In the fall of 1967, Hopi Action News reported that hippies
were invading Native communities throughout the Southwest. In direct
contrast to the missionaries and assimilationists who preceded them,
however, these alienated baby boomers venerated Indian cultures
and traditions. Armed with Frank Waters' Book of the Hopi
and John Neihardt's Black Elk Speaks, the long-haired vagabonds
hoped to learn from Indians, whose spiritual, ecological, and sacred
knowledge was lacking in modern American society. They embraced
tribalism as an alternative to their individualistic, bourgeois
upbringing. They attempted to emulate Indians by establishing communes,
living in tipis, growing their hair, and holding "powwow be-ins."
Of course many Native communities weren't exactly mutually enthused.
Cree folksinger Buffy Sainte Marie called the hippies "the worst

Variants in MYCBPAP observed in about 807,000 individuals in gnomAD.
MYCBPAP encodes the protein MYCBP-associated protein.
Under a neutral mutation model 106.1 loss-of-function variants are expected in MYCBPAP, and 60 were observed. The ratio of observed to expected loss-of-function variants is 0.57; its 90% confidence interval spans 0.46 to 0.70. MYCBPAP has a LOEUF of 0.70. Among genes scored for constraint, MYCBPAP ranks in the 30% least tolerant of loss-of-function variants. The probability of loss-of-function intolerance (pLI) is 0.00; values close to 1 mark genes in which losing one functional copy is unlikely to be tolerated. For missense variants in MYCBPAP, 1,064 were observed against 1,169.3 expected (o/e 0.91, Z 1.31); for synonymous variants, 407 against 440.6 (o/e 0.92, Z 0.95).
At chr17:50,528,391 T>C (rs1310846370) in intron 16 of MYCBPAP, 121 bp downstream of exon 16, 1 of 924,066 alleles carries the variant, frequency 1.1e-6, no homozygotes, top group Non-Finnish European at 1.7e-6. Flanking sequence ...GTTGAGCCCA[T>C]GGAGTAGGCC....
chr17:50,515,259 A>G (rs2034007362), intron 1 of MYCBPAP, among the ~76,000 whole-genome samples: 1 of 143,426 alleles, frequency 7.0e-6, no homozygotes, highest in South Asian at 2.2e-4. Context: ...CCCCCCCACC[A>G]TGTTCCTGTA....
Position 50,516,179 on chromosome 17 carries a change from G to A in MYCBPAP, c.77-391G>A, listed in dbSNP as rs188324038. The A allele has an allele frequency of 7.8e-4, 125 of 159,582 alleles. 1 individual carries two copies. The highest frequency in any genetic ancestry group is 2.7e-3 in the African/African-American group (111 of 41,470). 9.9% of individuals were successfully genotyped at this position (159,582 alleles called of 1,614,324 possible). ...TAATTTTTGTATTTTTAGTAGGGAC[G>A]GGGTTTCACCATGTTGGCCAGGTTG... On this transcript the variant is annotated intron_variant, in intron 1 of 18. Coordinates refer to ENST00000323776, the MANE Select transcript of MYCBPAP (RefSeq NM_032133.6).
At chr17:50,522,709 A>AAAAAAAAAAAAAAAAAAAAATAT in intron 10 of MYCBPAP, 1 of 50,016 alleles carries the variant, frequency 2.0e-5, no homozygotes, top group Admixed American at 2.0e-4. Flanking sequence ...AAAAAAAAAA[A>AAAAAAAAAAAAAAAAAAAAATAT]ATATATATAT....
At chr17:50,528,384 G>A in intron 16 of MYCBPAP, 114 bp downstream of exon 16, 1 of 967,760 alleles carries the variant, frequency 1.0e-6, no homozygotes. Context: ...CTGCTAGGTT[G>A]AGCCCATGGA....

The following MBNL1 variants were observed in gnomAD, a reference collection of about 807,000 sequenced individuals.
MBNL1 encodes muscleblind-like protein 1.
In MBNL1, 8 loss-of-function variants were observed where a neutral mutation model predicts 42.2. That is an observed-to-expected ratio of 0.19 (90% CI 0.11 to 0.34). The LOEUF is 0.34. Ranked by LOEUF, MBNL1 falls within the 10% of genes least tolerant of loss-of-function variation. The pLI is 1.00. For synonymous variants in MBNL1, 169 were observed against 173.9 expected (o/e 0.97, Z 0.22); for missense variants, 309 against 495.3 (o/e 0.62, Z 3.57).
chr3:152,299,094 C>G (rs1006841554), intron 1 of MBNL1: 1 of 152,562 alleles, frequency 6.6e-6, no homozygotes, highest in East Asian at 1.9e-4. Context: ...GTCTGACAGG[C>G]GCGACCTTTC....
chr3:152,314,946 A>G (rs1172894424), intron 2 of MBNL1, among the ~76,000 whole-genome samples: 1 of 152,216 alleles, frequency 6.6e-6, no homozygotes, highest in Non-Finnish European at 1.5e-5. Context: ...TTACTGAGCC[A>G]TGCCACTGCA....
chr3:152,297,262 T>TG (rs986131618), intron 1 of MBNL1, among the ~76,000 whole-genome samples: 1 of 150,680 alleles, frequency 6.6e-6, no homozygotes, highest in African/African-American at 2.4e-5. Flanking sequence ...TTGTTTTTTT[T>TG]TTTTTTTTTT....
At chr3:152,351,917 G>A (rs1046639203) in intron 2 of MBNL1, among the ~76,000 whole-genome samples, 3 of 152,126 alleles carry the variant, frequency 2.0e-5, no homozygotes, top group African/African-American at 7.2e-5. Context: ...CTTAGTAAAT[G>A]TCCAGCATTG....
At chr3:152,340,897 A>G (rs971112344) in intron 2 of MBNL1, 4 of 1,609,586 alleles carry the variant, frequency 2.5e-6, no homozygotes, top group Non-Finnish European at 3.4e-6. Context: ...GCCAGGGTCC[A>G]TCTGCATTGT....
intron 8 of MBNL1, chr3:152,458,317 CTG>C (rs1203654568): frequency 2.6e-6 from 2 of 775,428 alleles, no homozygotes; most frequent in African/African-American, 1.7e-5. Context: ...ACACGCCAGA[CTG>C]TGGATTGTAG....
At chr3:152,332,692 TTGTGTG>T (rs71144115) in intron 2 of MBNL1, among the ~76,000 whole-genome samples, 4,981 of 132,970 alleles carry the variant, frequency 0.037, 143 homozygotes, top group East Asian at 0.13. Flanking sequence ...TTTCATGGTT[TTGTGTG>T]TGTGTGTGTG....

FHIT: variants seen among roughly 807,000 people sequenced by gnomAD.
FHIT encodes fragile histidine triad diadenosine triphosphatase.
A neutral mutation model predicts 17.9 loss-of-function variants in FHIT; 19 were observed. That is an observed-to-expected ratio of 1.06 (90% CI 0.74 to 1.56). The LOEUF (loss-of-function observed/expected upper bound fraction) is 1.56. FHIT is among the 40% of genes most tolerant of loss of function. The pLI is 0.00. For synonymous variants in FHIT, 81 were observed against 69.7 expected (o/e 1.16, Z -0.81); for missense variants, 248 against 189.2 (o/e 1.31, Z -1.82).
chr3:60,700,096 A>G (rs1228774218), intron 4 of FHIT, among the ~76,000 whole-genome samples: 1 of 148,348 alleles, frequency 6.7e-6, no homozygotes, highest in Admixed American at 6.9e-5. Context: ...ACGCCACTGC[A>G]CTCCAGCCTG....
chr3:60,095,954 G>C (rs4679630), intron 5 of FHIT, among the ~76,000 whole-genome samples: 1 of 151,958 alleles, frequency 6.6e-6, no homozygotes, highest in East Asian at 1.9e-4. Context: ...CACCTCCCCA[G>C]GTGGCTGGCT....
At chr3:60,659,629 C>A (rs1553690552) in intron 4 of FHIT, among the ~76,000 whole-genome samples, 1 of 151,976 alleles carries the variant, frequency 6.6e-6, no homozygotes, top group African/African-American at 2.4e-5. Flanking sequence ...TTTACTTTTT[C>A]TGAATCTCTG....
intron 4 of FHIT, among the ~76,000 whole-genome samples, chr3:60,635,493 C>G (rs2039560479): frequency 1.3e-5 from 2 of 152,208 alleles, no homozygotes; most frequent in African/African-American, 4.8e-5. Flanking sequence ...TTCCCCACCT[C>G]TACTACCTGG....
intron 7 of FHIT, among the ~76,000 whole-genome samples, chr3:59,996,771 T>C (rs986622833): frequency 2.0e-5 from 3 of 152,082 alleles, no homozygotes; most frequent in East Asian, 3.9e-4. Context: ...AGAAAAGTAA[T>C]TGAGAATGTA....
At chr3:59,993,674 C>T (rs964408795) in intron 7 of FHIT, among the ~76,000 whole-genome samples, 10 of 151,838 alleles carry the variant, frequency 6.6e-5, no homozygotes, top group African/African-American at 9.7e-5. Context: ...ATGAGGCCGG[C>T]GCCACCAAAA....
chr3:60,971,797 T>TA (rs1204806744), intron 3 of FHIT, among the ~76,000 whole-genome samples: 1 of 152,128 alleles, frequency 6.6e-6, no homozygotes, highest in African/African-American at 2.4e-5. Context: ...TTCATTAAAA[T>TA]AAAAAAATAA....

soul suckers," while the editors at Hopi Action News joked that
they could send the outsiders to the Pueblos who would "throw the
bearded society off the cliffs and mesas as they have historically
done with unwanted missionaries."
When viewed in its historical context, the hippy invasion of
Indian Country may seem strange and was probably pretty annoying
to many observers. But when one considers the traditional knowledge
that tribal communities possess it makes perfect sense. Whether
Hopi, Navajo, Winnebago, or Crow, traditional tribal knowledge has
been built up over millennia. In the grand scope of human history,
the emergence of modern industrial society is merely a flash in
the pan. Social scientists Joseph Henrich, Steven Heine, and Ana